– George Hadjia
We have previously written about Facebook (Nasdaq: FB) and Alphabet (Nasdaq: GOOGL) being some of the most high-quality, hardest-to-disrupt businesses in existence. But COVID-19 (C19) has shown a remarkable ability to disrupt even the most resilient of businesses. We are seeing evidence of the digital ad market taking a hit from the C19 pandemic, and there are a number of data points we have observed that point to this ad market slowdown being different to others.
In advertising it is often said that ad dollars follow eyeballs. In other words, when people are consuming a certain format of media, therein lies an opportunity to monetize their attention in the form of advertising. We have seen no shortage of consumption of digital media given the lockdown scenario. For iPhone users, you can check this by looking at your “Screen Time” – that is, the amount of time per day you spend on your mobile phone (I know mine has increased as social activities in the real world have been substituted by consumption of digital media, given the lockdown here in New York City).
This must be great for digital ad platforms such as Facebook, right? Surely all this additional time spent by consumers on Facebook and Instagram (also owned by FB) will be a boon for the company? Not so fast.
Historically the digital ad market has benefited from the secular tailwind of ad dollars in traditional formats such as print, radio, and TV shifting to online. While this is still occurring, it is not enough to offset the ad demand destruction from C19, given the unprecedented impact it is having on the companies that are responsible for allocating ad dollars to these platforms.
The digital ad market finds itself in the somewhat unique situation where engagement is at an all-time high, yet ad prices (measured by CPMs, or cost per one thousand impressions) and conversion have declined materially. This is driven by two dynamics working in conjunction: (i) continued increases in ad inventory supply, due to more minutes spent on digital ad properties, and thus more opportunities to insert ads; and (ii) continued decreases in advertiser demand, as the C19 fallout has caused across the board ad budget cuts.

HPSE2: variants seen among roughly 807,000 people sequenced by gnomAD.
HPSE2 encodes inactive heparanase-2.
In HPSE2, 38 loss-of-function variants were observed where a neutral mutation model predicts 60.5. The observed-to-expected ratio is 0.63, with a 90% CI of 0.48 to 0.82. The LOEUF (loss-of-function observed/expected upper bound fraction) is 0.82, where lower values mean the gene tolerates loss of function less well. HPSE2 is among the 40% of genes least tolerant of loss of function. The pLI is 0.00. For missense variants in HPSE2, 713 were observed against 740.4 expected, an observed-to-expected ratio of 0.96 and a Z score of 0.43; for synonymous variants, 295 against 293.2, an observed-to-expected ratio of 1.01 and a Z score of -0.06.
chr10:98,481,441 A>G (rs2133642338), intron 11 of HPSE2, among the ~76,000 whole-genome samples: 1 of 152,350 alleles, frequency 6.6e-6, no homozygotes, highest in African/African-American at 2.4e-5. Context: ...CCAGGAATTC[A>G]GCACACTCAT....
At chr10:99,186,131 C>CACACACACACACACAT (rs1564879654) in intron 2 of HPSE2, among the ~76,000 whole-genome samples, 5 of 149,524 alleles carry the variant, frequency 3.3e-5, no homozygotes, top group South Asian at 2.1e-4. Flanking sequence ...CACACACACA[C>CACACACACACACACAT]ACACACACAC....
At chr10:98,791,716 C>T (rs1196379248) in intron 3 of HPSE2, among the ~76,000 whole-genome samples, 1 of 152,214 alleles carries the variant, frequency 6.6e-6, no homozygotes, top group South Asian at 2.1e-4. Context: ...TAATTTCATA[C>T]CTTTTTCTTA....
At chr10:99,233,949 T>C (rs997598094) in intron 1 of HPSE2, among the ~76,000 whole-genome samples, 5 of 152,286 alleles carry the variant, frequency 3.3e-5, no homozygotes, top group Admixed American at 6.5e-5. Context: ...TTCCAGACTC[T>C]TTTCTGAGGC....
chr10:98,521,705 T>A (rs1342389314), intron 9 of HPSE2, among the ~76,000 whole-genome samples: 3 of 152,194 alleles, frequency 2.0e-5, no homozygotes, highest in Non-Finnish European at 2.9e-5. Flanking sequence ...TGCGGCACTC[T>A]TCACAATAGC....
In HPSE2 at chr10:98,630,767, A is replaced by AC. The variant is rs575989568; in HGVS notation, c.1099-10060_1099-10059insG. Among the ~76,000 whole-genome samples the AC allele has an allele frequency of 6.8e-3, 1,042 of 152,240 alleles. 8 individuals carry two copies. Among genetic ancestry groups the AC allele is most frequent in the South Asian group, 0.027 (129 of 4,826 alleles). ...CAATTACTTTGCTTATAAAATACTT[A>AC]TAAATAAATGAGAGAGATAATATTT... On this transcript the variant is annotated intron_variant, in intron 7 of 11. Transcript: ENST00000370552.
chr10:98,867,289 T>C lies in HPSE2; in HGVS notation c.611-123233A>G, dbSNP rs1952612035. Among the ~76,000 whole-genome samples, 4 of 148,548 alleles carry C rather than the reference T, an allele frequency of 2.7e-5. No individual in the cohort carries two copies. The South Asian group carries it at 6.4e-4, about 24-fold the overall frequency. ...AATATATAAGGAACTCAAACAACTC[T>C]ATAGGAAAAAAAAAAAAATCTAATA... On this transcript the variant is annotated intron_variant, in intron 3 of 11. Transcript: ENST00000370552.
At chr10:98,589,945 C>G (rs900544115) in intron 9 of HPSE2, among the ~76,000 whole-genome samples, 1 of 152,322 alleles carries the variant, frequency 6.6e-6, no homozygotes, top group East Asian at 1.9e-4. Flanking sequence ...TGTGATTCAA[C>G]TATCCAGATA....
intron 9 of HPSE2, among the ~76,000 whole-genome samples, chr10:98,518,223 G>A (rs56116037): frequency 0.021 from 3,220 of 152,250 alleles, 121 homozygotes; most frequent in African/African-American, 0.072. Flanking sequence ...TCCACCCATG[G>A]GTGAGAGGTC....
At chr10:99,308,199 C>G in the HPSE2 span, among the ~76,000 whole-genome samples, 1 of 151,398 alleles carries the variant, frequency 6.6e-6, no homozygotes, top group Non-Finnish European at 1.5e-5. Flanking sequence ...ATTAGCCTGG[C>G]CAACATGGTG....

Notably advertising spend is a discretionary cost – at its core it represents companies spending money in order to generate revenues. In situations where companies foresee a weak demand environment (where ROIs on that spend fall below acceptable levels) or are facing liquidity issues, they will cut their advertising budgets. For example, a brick and mortar retailer that has been forced to shut its stores would be ill-advised to spend money advertising its products during this period.
If we look at some impacts to mainly Facebook and Instagram digital ad spend for the clients of Social Fulcrum (a performance marketing agency focused on Facebook and Instagram), we can observe the following:
- CPM down ~45%
- Click through rate (CTR) unchanged
- Cost per click (CPC) down ~45%
- Onsite Conversion down 53%
- Overall, Cost of Customer Acquisition up 28%
Source: Social Fulcrum
Source: Social Fulcrum
Source: Social Fulcrum
What we are seeing is consumers on these platforms are browsing to try and distract themselves (evidenced by healthy click through rates, which have basically stayed flat), but not actually shopping and converting to a sale for an advertiser (and we have seen Social Fulcrum’s clients experience enormous falls in on-site conversion).
The magnitude of declines witnessed by Social Fulcrum might seem alarming for Facebook but it should be noted that this is just a very small subset of Facebook’s total revenues and may not be representative of the total. Nevertheless, while these data points will probably differ somewhat from what is being seen in the entirety of FB’s business, they do highlight that Facebook will experience revenue weakness over the coming quarters.
This is a highly unique situation, where investors are faced with the difficulty of trying to assess the probabilities of different scenarios in terms of the speed with which these ad dollars return to FB’s ad properties. At present the distribution of potential outcomes is highly uncertain and wider than usual; it is very difficult to form high levels of conviction around estimates of the extent of ad spend declines, and the trajectory ad dollars will take once lockdowns are lifted. Q1 reporting season will be keenly watched and will help shed light on the true impact C19 is having on digital ad companies.
Montaka owns shares in Facebook and Alphabet.
George Hadjia is a Research Analyst with Montaka Global Investments. To learn more about Montaka, please call +612 7202 0100.